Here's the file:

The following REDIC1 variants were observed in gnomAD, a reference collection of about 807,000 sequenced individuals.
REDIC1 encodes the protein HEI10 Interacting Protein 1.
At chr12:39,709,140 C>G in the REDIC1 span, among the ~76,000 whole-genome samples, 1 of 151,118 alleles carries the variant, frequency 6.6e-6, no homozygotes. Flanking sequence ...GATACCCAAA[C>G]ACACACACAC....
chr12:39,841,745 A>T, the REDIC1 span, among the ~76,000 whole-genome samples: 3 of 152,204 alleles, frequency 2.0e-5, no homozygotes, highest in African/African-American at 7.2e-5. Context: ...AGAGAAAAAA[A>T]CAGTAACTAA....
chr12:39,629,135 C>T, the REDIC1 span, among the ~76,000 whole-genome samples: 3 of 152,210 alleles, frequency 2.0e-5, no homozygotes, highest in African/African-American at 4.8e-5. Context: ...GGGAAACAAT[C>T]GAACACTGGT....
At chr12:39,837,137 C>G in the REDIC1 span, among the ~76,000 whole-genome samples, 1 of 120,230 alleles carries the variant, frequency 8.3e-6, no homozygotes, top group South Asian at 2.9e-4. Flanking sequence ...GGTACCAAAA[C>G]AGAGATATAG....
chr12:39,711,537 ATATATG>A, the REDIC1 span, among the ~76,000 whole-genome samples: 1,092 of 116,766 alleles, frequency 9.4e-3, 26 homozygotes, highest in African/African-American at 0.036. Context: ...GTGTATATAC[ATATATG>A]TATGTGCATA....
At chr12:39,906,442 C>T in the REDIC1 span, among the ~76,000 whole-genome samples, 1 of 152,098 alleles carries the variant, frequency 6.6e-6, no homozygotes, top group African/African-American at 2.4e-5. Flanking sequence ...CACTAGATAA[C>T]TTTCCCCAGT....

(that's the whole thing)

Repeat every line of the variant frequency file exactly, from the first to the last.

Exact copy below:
The following REDIC1 variants were observed in gnomAD, a reference collection of about 807,000 sequenced individuals.
REDIC1 encodes the protein HEI10 Interacting Protein 1.
At chr12:39,709,140 C>G in the REDIC1 span, among the ~76,000 whole-genome samples, 1 of 151,118 alleles carries the variant, frequency 6.6e-6, no homozygotes. Flanking sequence ...GATACCCAAA[C>G]ACACACACAC....
chr12:39,841,745 A>T, the REDIC1 span, among the ~76,000 whole-genome samples: 3 of 152,204 alleles, frequency 2.0e-5, no homozygotes, highest in African/African-American at 7.2e-5. Context: ...AGAGAAAAAA[A>T]CAGTAACTAA....
chr12:39,629,135 C>T, the REDIC1 span, among the ~76,000 whole-genome samples: 3 of 152,210 alleles, frequency 2.0e-5, no homozygotes, highest in African/African-American at 4.8e-5. Context: ...GGGAAACAAT[C>T]GAACACTGGT....
At chr12:39,837,137 C>G in the REDIC1 span, among the ~76,000 whole-genome samples, 1 of 120,230 alleles carries the variant, frequency 8.3e-6, no homozygotes, top group South Asian at 2.9e-4. Flanking sequence ...GGTACCAAAA[C>G]AGAGATATAG....
chr12:39,711,537 ATATATG>A, the REDIC1 span, among the ~76,000 whole-genome samples: 1,092 of 116,766 alleles, frequency 9.4e-3, 26 homozygotes, highest in African/African-American at 0.036. Context: ...GTGTATATAC[ATATATG>A]TATGTGCATA....
At chr12:39,906,442 C>T in the REDIC1 span, among the ~76,000 whole-genome samples, 1 of 152,098 alleles carries the variant, frequency 6.6e-6, no homozygotes, top group African/African-American at 2.4e-5. Flanking sequence ...CACTAGATAA[C>T]TTTCCCCAGT....